Who should get financial aid?
In recent years, federal policy has targeted middle-income families. At the state level, the focus has been on rewarding students with great grades and qualifications - regardless of financial need.
Now some advocates are pushing for a renewed commitment to ensuring that those at the lowest end of the income scale have a crack at a college education.
Since 1993, state-funded aid programs based on merit have increased 336 percent. By comparison, funding for aid based on need has risen 88 percent. The federal Pell grant, which in 1975 covered 84 percent of the cost of a four-year public college, now pays just 39 percent of the bill.
What that adds up to is a lot of students who can't pay for college - and will continue to be locked out if aid programs based on need are not better funded.
That's the conclusion of an advisory committee to the US Department of Education and Congress. According to its findings, published last week, the current generation of primary school students will yield a bumper crop of students ready to enroll in college by 2015. The majority will not be white - and nearly half of minority applicants will come from families that can contribute only nominally to college costs.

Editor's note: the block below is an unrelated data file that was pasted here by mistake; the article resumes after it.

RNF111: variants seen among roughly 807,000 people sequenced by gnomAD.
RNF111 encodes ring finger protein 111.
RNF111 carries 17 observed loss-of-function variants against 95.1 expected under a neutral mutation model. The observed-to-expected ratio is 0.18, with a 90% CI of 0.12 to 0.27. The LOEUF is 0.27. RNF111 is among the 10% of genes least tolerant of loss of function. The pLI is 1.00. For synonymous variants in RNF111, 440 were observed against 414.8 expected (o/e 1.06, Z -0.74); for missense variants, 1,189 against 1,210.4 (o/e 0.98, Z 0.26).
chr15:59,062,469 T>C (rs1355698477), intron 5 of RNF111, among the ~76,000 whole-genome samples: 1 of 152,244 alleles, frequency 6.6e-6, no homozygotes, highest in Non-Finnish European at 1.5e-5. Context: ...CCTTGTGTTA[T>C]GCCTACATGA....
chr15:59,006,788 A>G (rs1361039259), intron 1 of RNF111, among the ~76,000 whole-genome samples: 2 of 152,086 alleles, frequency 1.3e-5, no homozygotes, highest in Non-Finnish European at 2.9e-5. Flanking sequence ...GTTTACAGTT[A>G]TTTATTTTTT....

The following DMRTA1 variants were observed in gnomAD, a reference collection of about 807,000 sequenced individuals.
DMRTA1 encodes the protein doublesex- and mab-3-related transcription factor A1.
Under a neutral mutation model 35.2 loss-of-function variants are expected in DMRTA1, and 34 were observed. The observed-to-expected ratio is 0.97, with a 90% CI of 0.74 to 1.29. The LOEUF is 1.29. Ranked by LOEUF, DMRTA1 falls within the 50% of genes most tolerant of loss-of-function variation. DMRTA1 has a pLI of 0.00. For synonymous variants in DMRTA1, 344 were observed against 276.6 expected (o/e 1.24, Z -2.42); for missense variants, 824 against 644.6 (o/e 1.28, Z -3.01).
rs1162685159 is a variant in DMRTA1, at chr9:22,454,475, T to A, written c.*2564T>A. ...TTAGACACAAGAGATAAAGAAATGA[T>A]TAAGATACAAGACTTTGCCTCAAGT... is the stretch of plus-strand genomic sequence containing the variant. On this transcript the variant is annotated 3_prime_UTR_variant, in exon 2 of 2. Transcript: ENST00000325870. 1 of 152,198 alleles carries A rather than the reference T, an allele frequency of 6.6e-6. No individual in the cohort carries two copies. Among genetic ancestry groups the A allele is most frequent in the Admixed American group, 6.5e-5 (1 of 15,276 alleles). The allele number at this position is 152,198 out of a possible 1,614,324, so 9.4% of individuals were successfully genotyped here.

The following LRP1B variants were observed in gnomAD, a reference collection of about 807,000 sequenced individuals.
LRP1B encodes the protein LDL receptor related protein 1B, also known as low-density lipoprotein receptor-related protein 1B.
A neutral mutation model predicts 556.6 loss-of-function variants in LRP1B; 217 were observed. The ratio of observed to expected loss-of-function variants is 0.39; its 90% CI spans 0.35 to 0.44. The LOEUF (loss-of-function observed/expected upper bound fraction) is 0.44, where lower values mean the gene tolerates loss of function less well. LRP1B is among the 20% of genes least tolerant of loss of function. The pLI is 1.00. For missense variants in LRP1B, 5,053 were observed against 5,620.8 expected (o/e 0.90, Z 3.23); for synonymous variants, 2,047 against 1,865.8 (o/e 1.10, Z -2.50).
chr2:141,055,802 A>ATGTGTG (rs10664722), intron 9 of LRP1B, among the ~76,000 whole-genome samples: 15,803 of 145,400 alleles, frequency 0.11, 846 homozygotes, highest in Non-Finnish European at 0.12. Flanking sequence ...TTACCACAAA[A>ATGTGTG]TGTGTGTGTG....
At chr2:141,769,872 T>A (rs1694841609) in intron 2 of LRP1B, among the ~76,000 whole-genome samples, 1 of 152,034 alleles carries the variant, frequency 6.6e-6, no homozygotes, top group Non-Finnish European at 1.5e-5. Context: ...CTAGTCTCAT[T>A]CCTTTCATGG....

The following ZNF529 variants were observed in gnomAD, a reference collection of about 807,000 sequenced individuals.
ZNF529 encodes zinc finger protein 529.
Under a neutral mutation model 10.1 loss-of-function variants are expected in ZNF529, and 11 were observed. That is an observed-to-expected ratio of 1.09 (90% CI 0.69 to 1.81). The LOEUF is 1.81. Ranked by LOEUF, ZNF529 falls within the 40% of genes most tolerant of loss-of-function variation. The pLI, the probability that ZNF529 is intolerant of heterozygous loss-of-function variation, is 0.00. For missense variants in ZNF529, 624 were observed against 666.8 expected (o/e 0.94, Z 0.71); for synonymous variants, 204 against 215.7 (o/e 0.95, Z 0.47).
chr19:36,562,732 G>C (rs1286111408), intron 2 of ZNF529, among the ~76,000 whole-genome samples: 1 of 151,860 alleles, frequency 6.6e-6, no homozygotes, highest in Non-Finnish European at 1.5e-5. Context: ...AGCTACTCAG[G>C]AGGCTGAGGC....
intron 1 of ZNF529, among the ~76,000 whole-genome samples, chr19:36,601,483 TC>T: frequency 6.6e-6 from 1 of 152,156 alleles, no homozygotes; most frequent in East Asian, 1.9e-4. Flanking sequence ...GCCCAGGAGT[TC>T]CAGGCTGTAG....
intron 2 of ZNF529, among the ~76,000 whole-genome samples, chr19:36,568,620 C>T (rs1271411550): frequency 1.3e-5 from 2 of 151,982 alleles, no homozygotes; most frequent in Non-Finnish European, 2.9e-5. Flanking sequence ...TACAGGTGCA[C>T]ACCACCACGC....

For wealthy families, the cost of college as a percentage of real income is about 7 percent. For low-income families, that figure is 62 percent. Even with grants, loans, and personal funds, low-income students often face a shortfall that can shut the door on college.
In a prosperous age, and one which beats the drum for all students to aim for college, it's a situation that demands rethinking.
(c) Copyright 2001. The Christian Science Publishing Society